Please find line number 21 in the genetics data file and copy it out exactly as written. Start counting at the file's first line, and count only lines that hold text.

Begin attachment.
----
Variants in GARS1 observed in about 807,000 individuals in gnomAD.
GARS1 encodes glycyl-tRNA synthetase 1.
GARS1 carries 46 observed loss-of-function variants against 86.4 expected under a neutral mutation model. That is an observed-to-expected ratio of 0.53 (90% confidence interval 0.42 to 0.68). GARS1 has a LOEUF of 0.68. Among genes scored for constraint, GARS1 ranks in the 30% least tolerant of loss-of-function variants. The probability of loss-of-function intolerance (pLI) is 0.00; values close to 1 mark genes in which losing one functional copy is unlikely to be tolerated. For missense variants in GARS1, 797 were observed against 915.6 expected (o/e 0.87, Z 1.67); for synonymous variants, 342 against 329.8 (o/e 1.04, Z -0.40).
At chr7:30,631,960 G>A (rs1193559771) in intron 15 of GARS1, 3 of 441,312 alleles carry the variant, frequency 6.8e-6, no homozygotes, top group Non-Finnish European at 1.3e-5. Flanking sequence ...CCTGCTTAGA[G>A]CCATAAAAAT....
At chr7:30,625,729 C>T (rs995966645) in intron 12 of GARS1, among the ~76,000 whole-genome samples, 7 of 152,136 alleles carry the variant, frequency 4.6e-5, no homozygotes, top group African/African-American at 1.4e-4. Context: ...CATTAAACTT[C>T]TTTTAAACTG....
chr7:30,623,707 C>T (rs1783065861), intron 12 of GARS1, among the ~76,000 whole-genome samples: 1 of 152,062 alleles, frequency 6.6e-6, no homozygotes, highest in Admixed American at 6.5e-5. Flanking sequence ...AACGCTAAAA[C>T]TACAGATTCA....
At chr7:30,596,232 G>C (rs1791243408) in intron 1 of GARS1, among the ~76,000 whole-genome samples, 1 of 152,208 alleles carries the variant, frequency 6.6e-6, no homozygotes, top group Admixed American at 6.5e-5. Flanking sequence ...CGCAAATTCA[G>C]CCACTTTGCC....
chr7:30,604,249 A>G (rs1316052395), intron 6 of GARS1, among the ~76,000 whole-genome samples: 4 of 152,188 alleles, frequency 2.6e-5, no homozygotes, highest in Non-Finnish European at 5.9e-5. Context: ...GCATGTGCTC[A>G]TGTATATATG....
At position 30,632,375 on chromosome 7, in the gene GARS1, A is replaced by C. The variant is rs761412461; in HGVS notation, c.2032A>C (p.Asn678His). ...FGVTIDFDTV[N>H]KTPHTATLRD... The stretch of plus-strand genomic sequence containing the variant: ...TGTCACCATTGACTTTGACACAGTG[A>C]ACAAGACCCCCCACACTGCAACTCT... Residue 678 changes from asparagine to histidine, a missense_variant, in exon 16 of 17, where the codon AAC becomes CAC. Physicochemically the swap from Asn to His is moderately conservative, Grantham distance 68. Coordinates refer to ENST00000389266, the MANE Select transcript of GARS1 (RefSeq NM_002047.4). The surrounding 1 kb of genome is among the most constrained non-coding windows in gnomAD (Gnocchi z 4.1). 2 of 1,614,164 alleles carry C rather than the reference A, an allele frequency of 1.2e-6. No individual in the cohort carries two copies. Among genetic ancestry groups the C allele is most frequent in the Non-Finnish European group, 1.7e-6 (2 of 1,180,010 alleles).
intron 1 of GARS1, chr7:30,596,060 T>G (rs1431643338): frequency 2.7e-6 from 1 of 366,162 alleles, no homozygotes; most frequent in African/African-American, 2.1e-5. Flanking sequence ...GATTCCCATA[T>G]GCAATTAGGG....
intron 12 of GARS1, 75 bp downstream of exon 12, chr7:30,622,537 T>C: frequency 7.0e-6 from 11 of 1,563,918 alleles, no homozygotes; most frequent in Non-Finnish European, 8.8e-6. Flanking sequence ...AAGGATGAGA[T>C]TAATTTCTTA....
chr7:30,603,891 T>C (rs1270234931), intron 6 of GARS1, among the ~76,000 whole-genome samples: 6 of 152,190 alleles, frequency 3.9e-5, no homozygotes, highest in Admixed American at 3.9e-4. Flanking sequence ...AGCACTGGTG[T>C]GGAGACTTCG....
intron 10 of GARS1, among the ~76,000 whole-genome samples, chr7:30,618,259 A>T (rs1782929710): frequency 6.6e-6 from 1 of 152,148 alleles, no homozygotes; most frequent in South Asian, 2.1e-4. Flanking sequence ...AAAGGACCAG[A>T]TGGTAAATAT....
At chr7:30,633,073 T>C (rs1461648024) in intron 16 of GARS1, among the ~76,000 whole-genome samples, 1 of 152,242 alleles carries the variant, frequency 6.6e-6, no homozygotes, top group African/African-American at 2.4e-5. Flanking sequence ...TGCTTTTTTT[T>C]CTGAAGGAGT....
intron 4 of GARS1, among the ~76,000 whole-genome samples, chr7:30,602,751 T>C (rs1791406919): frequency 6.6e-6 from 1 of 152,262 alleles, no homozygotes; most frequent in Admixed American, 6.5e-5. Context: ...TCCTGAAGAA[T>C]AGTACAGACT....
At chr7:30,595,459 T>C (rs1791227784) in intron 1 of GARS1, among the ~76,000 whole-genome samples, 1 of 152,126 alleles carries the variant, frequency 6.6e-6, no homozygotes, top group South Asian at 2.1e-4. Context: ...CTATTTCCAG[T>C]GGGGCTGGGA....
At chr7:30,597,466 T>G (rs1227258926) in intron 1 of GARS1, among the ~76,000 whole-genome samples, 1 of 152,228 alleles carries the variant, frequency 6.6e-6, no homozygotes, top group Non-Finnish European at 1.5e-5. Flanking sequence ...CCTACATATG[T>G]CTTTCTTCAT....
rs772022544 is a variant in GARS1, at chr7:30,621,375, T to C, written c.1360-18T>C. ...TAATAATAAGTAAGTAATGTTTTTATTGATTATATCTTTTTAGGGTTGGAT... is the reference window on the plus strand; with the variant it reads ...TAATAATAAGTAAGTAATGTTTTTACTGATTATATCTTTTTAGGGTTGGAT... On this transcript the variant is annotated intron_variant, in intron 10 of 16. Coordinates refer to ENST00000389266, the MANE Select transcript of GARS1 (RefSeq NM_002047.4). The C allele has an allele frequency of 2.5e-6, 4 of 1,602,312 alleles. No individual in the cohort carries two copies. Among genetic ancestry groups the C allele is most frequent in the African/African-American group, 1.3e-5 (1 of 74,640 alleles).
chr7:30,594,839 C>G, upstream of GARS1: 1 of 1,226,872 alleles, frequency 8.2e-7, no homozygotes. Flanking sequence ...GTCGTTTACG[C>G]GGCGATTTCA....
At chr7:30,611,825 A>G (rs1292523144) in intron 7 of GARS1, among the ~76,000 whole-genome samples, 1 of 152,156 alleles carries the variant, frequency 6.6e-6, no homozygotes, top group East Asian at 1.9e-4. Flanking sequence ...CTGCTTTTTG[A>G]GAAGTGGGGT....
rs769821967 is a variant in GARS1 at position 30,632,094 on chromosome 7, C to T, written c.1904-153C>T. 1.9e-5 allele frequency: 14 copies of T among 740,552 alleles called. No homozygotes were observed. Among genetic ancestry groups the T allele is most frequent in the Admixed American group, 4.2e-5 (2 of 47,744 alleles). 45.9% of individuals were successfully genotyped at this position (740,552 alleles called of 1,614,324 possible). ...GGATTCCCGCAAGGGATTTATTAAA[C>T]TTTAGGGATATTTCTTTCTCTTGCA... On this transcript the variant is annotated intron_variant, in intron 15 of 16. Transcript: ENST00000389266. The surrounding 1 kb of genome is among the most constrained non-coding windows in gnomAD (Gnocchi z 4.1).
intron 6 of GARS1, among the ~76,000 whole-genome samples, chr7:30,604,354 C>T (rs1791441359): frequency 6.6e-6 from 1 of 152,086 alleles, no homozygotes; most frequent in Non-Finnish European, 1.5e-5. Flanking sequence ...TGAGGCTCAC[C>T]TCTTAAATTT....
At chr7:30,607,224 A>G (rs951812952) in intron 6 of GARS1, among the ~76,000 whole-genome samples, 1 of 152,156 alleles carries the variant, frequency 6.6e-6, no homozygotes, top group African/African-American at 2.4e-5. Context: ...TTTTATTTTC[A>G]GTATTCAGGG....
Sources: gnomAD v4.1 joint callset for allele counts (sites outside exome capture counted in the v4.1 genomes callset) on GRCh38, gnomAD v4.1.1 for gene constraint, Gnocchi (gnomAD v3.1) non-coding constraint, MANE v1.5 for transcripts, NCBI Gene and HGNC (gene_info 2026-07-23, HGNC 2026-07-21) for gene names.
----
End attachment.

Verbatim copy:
rs769821967 is a variant in GARS1 at position 30,632,094 on chromosome 7, C to T, written c.1904-153C>T. 1.9e-5 allele frequency: 14 copies of T among 740,552 alleles called. No homozygotes were observed. Among genetic ancestry groups the T allele is most frequent in the Admixed American group, 4.2e-5 (2 of 47,744 alleles). 45.9% of individuals were successfully genotyped at this position (740,552 alleles called of 1,614,324 possible). ...GGATTCCCGCAAGGGATTTATTAAA[C>T]TTTAGGGATATTTCTTTCTCTTGCA... On this transcript the variant is annotated intron_variant, in intron 15 of 16. Transcript: ENST00000389266. The surrounding 1 kb of genome is among the most constrained non-coding windows in gnomAD (Gnocchi z 4.1).